How Alzheimer's is Contributing to Rising Death Rates

U.S. death rates are highest in a decade
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For the first time in several years, more Americans are dying, according to a new report from the National Center for Health Statistics. The overall death rate in 2015 was 730 deaths per 100,000, up from 723 deaths per 100,000 people in 2014.

One logical explaination for these statistics would be that as baby boomers age, more of them are dying. But the data studied in the report was age-adjusted to take into account the age of the population. So the uptick in death rates doesn’t seem to be attributable to the number of candles atop Americans’ birthday cakes. Among the leading causes of the surge in deaths were suicide and drug overdoses -- which are not attributed to any one age group.

But while experts are still analyzing the data to pinpoint causes for the increase, one glaring statistic weighs heavily on their minds. Alzheimer’s disease was one of the leading causes of death," the National Center for Health Statistics (NCHS), part of the Centers for Disease Control and Prevention, said in its report.

Alzheimer’s disease deaths saw one of the biggest jumps, rising from 25.4 people in every 100,000 dying of the disease in 2014 to 29.2 in 2015. That number may be even higher because Alzheimer's is not consistently listed as a cause of death, especially when someone is dealing with more than one health condition later in life. And, according to Heather Snyder, Ph.D., director of medical and scientific operations for the Alzheimer’s Association, Alzheimer’s patients can die of heart disease, pneumonia from inhaling solid food, and numerous other causes.

Dipping death rates in previous years were attributed to improvements in health, disease management and medical technology.

But the current surge in both death rates and Alzheimer’s may be due to a misunderstanding of how the disease is disproportionately impacting women.

That’s something Snyder says requires closer examination.

More women affected by Alzheimer's than men

“We’ve seen the research and questions around the impact of gender and women with regard to Alzheimer’s. That’s starting to change the conversation, but there’s still a lot more talking—and researching—to be done," says Snyder.

One champion of talking about Alzheimer’s and how it affects women both as patients and caregivers, is former First Lady of California and award-winning journalist Maria Shriver. “Women are shouldering the brunt of this disease, either as someone living through the day-to-day loss of memories and cognitive abilities or as someone witnessing that happen to a loved one,” says Shriver, who lost her father to the disease in 2011.

Shriver has teamed up with the Alzheimer’s Association and other leaders in the field of Alzheimer’s research to spearhead a movement to understand why more people—especially women—are developing and dying from Alzheimer’s than ever before.

“We want to reverse the trends,” says Snyder.

To throw a roadblock in front of the disease’s forward march, the Alzheimer’s Association led a think tank of leading experts to explore and assess research, treatment and preventative gaps.

“We asked why are more women living with, and dying from, Alzheimer’s,” says Snyder.

Some studies have suggested the presence of biologic or genetic differences opening the door to Alzheimer’s claiming female lives. Snyder says funding is now being provided by the Alzheimer’s Association to dig into those theories.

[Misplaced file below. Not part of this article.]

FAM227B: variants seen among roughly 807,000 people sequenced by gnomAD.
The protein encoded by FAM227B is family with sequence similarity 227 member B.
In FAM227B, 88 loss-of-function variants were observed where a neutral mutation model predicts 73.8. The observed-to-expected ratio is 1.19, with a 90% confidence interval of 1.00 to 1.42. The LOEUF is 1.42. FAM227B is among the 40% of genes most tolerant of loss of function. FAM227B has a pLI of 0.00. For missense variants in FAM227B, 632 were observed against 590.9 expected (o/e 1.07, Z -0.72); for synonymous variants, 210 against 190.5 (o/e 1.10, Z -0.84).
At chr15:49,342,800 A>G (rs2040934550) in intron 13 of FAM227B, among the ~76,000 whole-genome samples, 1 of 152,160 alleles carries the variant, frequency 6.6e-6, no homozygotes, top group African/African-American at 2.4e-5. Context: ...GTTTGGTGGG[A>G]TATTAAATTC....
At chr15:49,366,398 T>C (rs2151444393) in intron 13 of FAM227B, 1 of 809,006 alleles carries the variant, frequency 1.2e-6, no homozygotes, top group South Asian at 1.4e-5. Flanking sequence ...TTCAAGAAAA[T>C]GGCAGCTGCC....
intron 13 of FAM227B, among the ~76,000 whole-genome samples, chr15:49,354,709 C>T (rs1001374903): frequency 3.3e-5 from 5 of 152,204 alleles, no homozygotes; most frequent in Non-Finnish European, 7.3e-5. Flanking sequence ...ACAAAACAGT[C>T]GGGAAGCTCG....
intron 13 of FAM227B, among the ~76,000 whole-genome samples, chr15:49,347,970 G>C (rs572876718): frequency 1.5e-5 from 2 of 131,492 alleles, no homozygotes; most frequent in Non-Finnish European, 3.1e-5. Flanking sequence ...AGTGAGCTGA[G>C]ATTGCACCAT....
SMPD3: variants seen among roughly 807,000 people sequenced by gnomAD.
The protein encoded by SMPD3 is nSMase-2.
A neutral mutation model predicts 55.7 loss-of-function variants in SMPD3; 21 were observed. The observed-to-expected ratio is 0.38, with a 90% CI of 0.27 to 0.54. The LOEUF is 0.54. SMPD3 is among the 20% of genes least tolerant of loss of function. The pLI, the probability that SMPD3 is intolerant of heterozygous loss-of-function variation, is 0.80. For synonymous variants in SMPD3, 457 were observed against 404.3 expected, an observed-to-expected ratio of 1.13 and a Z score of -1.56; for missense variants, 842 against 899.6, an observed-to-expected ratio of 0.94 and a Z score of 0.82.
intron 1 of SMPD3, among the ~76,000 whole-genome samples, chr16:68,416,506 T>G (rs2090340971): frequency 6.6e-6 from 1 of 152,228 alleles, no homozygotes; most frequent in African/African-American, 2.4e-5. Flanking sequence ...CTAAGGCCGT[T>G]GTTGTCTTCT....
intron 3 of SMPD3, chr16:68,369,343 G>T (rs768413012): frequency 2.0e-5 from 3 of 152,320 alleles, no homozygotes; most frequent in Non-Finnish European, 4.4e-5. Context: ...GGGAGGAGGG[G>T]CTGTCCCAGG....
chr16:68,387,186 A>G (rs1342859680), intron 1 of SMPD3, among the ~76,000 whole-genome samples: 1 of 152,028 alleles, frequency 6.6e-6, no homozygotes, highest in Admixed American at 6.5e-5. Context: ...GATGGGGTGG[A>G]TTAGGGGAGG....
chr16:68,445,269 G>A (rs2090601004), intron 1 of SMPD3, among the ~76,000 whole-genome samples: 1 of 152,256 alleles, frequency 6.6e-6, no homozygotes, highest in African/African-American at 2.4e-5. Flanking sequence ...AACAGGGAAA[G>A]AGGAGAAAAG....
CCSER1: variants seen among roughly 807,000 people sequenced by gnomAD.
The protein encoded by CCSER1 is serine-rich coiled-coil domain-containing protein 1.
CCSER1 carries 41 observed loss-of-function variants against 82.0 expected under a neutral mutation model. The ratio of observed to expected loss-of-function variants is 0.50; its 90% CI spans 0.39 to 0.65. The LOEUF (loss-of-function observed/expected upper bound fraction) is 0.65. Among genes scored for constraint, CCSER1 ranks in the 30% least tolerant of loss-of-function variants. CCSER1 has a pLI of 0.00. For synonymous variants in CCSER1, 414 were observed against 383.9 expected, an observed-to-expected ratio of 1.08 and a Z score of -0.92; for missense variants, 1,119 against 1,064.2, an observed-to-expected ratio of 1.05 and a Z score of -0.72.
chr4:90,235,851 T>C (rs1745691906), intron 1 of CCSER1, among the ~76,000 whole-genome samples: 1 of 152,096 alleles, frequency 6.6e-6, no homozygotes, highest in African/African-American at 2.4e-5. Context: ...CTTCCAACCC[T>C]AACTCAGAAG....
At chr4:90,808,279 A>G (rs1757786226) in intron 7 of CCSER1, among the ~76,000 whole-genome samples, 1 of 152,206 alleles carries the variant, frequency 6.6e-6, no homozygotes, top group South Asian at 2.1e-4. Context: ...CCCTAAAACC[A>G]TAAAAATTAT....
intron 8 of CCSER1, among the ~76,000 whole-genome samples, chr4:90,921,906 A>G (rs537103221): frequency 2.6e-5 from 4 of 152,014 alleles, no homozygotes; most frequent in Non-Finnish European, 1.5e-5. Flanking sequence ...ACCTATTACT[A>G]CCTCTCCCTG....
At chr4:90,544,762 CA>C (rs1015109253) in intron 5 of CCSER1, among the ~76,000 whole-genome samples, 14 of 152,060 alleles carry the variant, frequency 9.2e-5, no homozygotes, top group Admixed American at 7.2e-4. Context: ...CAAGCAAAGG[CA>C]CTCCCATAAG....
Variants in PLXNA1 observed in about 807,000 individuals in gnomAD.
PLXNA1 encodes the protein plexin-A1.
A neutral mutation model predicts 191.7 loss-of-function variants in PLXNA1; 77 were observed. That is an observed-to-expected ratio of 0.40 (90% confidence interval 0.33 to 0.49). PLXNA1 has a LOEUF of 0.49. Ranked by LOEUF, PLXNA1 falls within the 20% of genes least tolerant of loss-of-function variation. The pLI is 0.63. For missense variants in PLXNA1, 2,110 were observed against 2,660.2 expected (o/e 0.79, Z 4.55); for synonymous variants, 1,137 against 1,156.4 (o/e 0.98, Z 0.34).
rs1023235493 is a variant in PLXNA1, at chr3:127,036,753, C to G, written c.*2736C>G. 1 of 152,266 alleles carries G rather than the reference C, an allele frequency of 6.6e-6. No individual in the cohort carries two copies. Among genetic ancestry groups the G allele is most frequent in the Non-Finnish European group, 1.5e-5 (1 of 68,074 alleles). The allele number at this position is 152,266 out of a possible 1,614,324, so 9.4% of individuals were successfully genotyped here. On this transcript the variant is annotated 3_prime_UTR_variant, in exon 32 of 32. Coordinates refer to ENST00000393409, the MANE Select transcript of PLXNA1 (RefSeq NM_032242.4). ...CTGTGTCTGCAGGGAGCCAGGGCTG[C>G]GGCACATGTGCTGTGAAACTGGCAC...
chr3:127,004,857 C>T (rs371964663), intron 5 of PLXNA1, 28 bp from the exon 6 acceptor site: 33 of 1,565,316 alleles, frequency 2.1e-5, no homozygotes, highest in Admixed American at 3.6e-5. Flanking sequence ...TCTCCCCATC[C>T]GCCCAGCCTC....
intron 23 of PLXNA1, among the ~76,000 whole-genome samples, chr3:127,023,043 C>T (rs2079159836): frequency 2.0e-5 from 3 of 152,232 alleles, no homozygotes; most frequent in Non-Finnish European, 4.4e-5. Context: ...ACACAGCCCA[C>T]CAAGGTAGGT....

“We need to understand if longevity, gender or other mechanisms in play contribute to overall incidences and death rates of the disease,” says Snyder.

Another possible reason more people are dying from Alzheimer’s may be its inability to be alone. “Alzheimer’s likes travel companions,” explains Snyder. “Those who have diabetes and cardiovascular disease are at greater risk of developing the disease.” The co-occurrence of those health issues may be a driver of the higher death rates.

Hormones may also play a role.

Douglas Scharre, MD, AAN, professor and director of Center for Cognitive and Memory Disorders, Center for Neuromodulation at The Ohio State University Wexner Medical Center says women reach menopause—the point of their life when production of estrogen and other hormones significantly drops—sooner than men lose their hormonal counterparts like androgens. “Although studies haven’t yet been able to support that theory, it’s possible that’s a reason women still develop the disease more often than men.”

Beating the odds

Until there’s a proven way to prevent and/or a cure for Alzheimer’s, Snyder says the best way to slow the disease’s contribution to U.S. death rates is to take care of your brain.

“If you’ve been diagnosed with diabetes or high cholesterol, take care of those things,” she says. “While we don’t yet understand the relationship between them and diabetes, we do know that tight control can benefit brain health overall.”

That tight control includes watching numbers like A1C and total cholesterol. “All the things you hear that treat diabetes and heart disease like healthy diets and exercise will help your brain age in a more healthy fashion,” adds Snyder.

Shriver points out that conversations count, too.

“Until a cure is found, we need to talk loud and often about what each of us can do to support those whose lives this impacts. From lending a hand to caregivers or helping raise money to fund research, we need to keep talking about Alzheimer’s in order to effect a change in the diagnosis and death rates associated with this disease,” she says.